Next stop was the zoo (Dyrepaike) the only one in Norway. Set in a hilly park, it was sweet, very small really but laid out with loving care. Animals had big huts with turf roofs and nice chunks of mountain to scramble on. The deer were particularly fortunate. Some well fenced off brown bears the wildest animals there. A children’s section – very nice with donkeys, rabbits, tortoises and guinea pigs, and a children’s playground. This had a sand pit with miniature diggers and Andrew soon got the hang of them and systematically excavated a large hole. They also liked the tyres that went round and round as long as we’d let them. For babies one can hire little wooden trucks to pull around – very attractive. A peacock was strutting around with his tail up, looking very please with himself – wonder what our cats would make of him.

Came back to the hut to pork chops and onions and frozen strawberries which were very tasty and very dark red, packed locally. After kids in bed we had a coffee in the cafe and a stroll around the beach and village.

1968: Norway – Day 12 – Byglandsfjord – Kristiansand

Set off after the usual tidy up – we are getting practised in shooting things in and out of that car now – and floor wash. Quick return to make sure electricity was off, then on to return the key and do some lunch shopping in Byglandsfjord. Got 1/2 kilo of some very nice ham and exceedingly fresh loaf, went on again on the road to Arendal, which is our old acquaintance No.9 mostly gravelly surface, going through very pretty wooded/farming country. Logs by roadside have coloured spots on them, we noticed for the first time today, denoting ownership presumably. Passed some heavily laden log lorries and several sawmills. Patches of quite reasonable land, growing some fodder crops and strawberries and grass, which chestnut brown cattle, never very many. Improved stretches of road through the villages, very irritating! but lots of work going on elsewhere, including some dynamiting. Spreading an oily grit in places, rather unpleasant. Road transport as we know it doesn’t seem to exist – except for tankers and very heavy stuff, like building materials and timber. Otherwise it’s done in single-decker bus-like vehicles, sometimes with a passenger section. Saw lots in Byglandsfjord. Picnicked by a lake, too chilly to hang around although a sunny day. Went on down to Arendal, very pretty, set on rocky slopes around a branching inlet, white and red houses. Followed the coast road – much more prosperous agriculture and saw several very pretty bays. Road is good and country pretty. Moisland site gorgeous – slide on the beach impressed Andrew and Sarah but not open and toilets being rebuilt which settled the matter. Pressed on to Hanresand, near Kristiansand, through some tunnels. This site enormous, pine woods down to the beach, huts high up on a sandy ridge. Very few people about, but secured a hut and settled in – quite elaborate huts, and roomy too.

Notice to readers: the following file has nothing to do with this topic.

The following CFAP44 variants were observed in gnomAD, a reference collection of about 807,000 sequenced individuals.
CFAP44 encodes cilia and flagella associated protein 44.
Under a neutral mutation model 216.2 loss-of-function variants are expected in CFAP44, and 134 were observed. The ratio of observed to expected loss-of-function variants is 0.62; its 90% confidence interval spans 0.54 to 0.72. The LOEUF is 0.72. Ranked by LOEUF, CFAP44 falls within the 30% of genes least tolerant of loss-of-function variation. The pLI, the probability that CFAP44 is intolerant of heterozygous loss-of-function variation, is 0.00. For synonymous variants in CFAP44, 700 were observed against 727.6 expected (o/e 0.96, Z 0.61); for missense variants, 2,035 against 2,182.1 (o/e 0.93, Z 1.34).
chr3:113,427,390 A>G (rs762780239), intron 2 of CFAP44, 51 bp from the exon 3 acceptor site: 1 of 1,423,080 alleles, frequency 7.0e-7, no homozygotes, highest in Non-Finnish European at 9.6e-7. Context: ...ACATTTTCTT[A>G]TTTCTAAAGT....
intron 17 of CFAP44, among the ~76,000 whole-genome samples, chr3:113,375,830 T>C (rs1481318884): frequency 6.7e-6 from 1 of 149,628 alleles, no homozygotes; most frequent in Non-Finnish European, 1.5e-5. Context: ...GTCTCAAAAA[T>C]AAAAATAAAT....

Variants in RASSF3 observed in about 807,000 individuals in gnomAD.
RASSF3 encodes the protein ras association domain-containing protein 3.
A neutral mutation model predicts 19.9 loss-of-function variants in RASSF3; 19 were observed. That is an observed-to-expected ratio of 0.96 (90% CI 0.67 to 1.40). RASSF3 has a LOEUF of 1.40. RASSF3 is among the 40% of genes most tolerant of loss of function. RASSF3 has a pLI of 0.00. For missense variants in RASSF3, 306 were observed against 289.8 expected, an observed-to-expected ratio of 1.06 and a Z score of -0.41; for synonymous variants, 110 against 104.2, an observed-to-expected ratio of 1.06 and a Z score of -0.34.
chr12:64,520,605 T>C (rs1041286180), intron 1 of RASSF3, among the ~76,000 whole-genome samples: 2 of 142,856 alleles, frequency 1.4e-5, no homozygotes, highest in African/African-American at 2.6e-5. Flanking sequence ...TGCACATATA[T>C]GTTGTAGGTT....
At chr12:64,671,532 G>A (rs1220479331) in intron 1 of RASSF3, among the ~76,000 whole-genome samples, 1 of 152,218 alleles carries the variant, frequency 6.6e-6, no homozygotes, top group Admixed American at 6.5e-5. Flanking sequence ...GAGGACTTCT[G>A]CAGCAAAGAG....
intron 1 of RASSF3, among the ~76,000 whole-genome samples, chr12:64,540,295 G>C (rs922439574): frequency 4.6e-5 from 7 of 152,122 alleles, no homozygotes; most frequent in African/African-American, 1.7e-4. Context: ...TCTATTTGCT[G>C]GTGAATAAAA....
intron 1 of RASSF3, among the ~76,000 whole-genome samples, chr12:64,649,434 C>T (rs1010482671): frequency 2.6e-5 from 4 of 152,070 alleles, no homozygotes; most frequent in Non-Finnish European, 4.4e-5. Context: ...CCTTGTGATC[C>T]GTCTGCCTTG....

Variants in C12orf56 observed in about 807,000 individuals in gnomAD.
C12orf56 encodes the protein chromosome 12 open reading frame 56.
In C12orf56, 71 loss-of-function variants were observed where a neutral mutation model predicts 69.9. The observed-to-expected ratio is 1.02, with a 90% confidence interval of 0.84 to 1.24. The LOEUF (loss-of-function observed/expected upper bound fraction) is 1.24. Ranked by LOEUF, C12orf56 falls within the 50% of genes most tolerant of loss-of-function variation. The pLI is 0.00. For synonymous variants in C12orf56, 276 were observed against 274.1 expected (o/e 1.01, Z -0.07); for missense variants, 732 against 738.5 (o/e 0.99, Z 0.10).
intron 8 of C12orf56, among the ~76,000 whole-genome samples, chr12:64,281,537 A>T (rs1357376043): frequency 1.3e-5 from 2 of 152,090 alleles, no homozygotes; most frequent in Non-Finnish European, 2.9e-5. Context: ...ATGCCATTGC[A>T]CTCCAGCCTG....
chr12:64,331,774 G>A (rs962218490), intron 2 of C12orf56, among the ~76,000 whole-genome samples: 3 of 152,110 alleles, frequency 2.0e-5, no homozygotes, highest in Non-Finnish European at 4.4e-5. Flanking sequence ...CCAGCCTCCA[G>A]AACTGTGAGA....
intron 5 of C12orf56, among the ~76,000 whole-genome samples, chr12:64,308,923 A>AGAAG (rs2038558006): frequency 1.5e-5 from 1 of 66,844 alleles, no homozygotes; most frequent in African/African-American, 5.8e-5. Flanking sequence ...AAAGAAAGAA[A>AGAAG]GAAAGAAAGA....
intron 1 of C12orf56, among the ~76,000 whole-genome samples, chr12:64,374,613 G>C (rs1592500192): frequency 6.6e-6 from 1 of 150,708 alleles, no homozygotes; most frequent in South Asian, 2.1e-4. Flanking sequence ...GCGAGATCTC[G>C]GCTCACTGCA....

Went down to the beach, very sandy and Andrew and Sarah soon got busy doing various construction jobs with pieces of timber. The airport is very near here and saw several planes take off, soaring off a large piece of moraine and over the water. The bed ( but not sleep) for Andrew and Sarah and supper for us, including a shrimp mayonnaise bought in Byglandsfjord and very tasty. Back to Heilmelk her incidentally.

1968: Norway – Day 11 – Rysstad – Byglandsfjord